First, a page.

Equifax Breach Fighting Back in the War Against Web Server Attacks

Legacy security products are out-gunned and no match for fileless attacks

Today’s news on the breach of personal data for 143 million consumers is alarming on many levels – the numbers are enormous (20% more than the total number of US households), and it strikes at the core information that many of us try hard to protect – social security numbers, birth dates, addresses, credit card numbers, driver’s license numbers and more. According to Gartner, “On a scale of 1 to 10, this is a 10. It affects the credit reporting system of the whole United States because… everyone uses the same data.”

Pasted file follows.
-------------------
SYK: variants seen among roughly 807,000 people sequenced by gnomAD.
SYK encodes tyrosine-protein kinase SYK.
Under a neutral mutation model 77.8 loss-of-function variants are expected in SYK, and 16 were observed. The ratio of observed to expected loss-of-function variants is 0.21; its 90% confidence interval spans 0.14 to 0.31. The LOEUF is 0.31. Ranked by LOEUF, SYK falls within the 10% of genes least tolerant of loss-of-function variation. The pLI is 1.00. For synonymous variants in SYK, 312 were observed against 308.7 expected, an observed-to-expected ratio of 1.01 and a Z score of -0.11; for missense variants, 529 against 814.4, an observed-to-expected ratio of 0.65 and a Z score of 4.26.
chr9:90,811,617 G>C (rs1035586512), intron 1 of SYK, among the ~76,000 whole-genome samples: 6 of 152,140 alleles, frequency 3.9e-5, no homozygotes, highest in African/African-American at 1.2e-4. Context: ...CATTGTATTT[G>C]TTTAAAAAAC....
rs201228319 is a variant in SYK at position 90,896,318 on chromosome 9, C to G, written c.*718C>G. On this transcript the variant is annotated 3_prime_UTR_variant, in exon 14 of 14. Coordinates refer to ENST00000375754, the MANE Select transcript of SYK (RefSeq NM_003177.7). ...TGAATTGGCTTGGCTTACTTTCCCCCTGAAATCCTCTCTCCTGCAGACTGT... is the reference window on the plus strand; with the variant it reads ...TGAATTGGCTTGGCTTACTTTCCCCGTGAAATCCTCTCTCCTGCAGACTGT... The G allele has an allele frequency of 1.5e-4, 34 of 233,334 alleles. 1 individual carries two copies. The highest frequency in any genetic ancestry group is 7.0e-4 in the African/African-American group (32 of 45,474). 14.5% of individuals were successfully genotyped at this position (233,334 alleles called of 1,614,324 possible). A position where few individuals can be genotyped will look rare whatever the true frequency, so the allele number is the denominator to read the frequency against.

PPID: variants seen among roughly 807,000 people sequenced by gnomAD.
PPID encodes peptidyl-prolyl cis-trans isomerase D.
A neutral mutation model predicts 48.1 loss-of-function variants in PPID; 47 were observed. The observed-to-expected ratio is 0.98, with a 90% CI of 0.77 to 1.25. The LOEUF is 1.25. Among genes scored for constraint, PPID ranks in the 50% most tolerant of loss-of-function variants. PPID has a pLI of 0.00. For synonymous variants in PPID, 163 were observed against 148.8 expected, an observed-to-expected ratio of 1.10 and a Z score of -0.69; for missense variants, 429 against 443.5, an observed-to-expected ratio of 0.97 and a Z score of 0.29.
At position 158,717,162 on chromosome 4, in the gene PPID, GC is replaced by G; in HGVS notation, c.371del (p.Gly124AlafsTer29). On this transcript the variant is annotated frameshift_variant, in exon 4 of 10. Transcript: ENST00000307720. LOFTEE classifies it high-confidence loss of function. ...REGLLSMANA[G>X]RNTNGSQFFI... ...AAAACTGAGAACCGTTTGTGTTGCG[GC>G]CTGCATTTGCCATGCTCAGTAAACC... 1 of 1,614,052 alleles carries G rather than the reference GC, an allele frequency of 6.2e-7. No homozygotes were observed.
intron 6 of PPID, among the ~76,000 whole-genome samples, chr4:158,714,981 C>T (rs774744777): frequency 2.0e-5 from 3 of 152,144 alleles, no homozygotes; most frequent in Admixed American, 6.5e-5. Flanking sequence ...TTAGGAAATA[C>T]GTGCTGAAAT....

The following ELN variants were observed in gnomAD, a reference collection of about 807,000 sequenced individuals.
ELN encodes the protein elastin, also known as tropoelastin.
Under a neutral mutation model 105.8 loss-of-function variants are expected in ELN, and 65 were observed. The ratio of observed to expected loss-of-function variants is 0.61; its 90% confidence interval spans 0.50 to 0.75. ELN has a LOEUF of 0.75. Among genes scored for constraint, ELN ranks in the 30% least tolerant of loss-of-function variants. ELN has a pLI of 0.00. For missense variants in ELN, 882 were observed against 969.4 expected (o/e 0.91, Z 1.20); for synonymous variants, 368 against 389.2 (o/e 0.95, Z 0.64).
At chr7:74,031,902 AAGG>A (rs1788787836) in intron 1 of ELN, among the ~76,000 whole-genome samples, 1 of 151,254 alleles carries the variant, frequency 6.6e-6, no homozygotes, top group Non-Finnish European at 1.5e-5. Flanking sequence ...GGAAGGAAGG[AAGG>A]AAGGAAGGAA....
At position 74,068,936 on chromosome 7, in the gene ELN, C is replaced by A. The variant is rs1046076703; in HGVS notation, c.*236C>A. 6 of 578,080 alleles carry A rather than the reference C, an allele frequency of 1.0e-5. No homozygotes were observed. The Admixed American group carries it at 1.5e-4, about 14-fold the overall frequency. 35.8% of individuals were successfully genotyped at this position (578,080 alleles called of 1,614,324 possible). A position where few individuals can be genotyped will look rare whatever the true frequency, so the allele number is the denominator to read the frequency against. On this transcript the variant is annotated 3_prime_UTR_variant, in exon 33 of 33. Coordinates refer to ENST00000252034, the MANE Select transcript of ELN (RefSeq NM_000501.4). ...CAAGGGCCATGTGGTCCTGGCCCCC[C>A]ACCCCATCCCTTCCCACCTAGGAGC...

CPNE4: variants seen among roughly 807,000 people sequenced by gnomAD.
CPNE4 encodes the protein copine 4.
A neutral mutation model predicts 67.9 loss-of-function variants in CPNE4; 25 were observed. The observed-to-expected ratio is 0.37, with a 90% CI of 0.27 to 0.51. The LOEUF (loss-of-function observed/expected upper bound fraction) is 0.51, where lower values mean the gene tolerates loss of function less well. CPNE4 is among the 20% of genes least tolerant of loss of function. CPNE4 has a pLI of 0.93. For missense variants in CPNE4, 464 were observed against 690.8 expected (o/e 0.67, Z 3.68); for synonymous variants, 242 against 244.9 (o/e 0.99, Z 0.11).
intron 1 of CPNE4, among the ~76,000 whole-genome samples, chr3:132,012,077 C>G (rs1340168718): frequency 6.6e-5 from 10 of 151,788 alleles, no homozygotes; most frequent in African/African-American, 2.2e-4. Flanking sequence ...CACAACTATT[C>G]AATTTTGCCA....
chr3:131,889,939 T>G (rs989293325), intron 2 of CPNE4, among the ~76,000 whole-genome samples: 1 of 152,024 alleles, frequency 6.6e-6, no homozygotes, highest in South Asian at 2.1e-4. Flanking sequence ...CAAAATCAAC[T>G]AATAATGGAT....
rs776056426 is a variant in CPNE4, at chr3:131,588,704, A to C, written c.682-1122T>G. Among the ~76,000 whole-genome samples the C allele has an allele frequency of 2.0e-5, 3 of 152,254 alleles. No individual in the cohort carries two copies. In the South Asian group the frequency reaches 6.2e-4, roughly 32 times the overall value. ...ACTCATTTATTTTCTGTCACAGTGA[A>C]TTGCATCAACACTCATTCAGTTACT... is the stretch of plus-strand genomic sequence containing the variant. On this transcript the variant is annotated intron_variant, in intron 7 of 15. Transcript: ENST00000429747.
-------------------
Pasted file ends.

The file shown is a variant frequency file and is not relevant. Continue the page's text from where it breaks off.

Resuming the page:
But beyond the hand-wringing about the scale of the breach (which is HUGE), we need to ask the same questions that follow every breach – why does this keep happening and when will we get serious about security, especially for public-facing web servers?

We know that web servers are vulnerable and have been for some time. The typical solutions – patching vulnerabilities when available and convenient, improving software development testing, and relying on outdated anti-malware tools – continue to fail, over and over again. Today’s attackers are innovative and relentless and can easily find security gaps in the millions of web servers and applications used to power our economy.

The wave of recent cyberattacks, aided by leaks of NSA-developed hacking tools, have demonstrated a marked increase in the sophistication and elusiveness of hacking techniques. Yet, at the same time, businesses have been on their heels, depending on security layers that are increasingly irrelevant.